The Swedish National Audit Office (Riksrevisionen) says in a new report that use of the investment savings account (Investeringssparkonto, ISK) has caused SEK42bn (€4bn) in lost tax revenues, and has recommended that the government advise Parliament about the impact of the regime.
The ISK regime was introduced in 2012 to make it easier for individuals to save and invest in equities. The success of the regime has seen some 2.2 million ISK accounts opened. The regime has made direct ownership of equities easier, among other reasons because it makes it easier for taxpayers to complete their annual tax returns. Saving and investing in funds has not been as directly affected, because of pre-existing rules for declaring gains and losses on fund shares, the Swedish NAO said.
However, the Office warned that “some aspects of equity investments have become more complicated.”
“This concerns certain new issues and IPOs, as well as when companies distribute shares in subsidiaries. Additionally, the introduction of ISK has meant that there are now two parallel systems for taxing directly owned financial instruments. Savers who do not want to pay more tax than necessary must evaluate whether ISK is from a taxation point of view a beneficial form of savings or not.”
Ingvar Mattson, auditor general, said: “The introduction of ISK has led to a more complex tax system. One should not underestimate the difficulties that it can mean for individual savers.”
Tax is due on assets in the ISK account regardless whether those asset have increased or decreased in value. This is what make use of the regime a risk, compared to other ways, where tax is paid on gains and losses can be offset.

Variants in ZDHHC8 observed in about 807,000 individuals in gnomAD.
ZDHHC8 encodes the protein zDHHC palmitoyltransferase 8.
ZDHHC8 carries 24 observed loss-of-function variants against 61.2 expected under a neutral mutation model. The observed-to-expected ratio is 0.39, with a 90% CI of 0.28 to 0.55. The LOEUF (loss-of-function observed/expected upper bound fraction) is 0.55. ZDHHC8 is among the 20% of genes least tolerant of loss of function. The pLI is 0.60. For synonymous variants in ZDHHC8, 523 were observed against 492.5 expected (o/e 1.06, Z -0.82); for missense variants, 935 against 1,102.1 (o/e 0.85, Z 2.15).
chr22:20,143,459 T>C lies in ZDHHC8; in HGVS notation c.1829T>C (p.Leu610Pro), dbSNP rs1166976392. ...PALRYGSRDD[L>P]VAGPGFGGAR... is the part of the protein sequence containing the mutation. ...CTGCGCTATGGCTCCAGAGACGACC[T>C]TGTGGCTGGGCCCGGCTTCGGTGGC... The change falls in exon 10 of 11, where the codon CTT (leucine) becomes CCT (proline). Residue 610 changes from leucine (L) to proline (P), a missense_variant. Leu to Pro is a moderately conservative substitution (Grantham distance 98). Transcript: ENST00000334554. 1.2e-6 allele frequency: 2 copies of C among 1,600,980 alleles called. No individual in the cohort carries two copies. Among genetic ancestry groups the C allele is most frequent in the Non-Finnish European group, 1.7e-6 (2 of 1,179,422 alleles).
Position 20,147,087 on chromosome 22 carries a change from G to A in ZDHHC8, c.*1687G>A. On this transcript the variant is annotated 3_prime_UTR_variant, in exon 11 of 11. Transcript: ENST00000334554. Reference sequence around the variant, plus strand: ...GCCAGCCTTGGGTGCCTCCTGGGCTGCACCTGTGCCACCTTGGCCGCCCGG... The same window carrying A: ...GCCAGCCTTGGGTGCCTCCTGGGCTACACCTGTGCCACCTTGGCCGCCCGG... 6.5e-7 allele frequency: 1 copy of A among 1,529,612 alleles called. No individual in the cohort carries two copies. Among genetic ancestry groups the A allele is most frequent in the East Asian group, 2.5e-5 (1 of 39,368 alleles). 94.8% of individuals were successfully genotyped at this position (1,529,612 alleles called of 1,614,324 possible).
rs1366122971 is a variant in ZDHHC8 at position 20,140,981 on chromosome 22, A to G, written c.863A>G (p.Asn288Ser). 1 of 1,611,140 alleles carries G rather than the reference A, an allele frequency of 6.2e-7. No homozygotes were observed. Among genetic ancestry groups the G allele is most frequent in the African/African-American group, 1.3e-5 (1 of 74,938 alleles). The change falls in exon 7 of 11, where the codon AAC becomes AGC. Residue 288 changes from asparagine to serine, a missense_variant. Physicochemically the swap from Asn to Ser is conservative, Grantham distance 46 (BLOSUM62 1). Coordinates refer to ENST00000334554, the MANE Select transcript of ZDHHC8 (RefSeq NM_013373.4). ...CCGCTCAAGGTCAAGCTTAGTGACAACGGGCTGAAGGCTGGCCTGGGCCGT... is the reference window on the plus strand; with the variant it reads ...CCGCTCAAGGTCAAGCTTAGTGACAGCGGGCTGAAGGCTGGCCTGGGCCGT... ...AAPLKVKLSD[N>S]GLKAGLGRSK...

The Office has calculated that the tax levied on equity assets in ISK was “low” over 2012-17 . The estimate is that tax revenues were down SEK23bn over the period. Additionally, capital gains generated over the period that were not realised before 2018 are set to lead to future tax revenues being lost, equivalent to some SEK19bn.
Mattson explained that these significant sums could be explained by the strength of equity markets over the period. If the markets had not developed as strongly, then the estimated gap in tax revenues would have been different, he said.
The Swedish National Audit Office has recommended that the government advise Parliament about the fiscal impact of the ISK regime, as well as consider the possibility of considering how to address the issues flagged up around new issues, IPOs and ownership of equity in subsidiaries. It also recommends making tax returns easier in respect of equities that are taxed in the conventional sense.
Although the report refers mainly to the tax revenue impact of the ISK regime in respect of direct equity holdings, it has been a core focus of the Swedish Investment Fund Association since launch in 2012.
This is because the regime initially did not allow fund providers themselves to offer ISK accounts, which was seen as creating an unlevel playing field between themselves and, for example, banks.
The Swedish government put forward proposals in 2016 to allow fund providers to also offer the accounts, something that was welcomed at the time by the Association (http://www.fondbolagen.se/sv/Aktuellt/Pressmeddelanden/2016/Antligen-ISK-for-fondbolag/)
This proposed changes to the regime were also seen as important because fund flow statistics and household savings data pointed to rapid growth in use of the ISK by Swedes keen to save in a tax efficient manner.
Proposals to adjust the rate of tax applied to assets held in the wrapper have also been floated in the past – reflecting concerns that its popularity was having an adverse impact on the fiscal neutrality of the regime – something that the Association has warned about, because of the impact any such change could have on flows to funds, where the objective of such flows is to contribute to long term savings.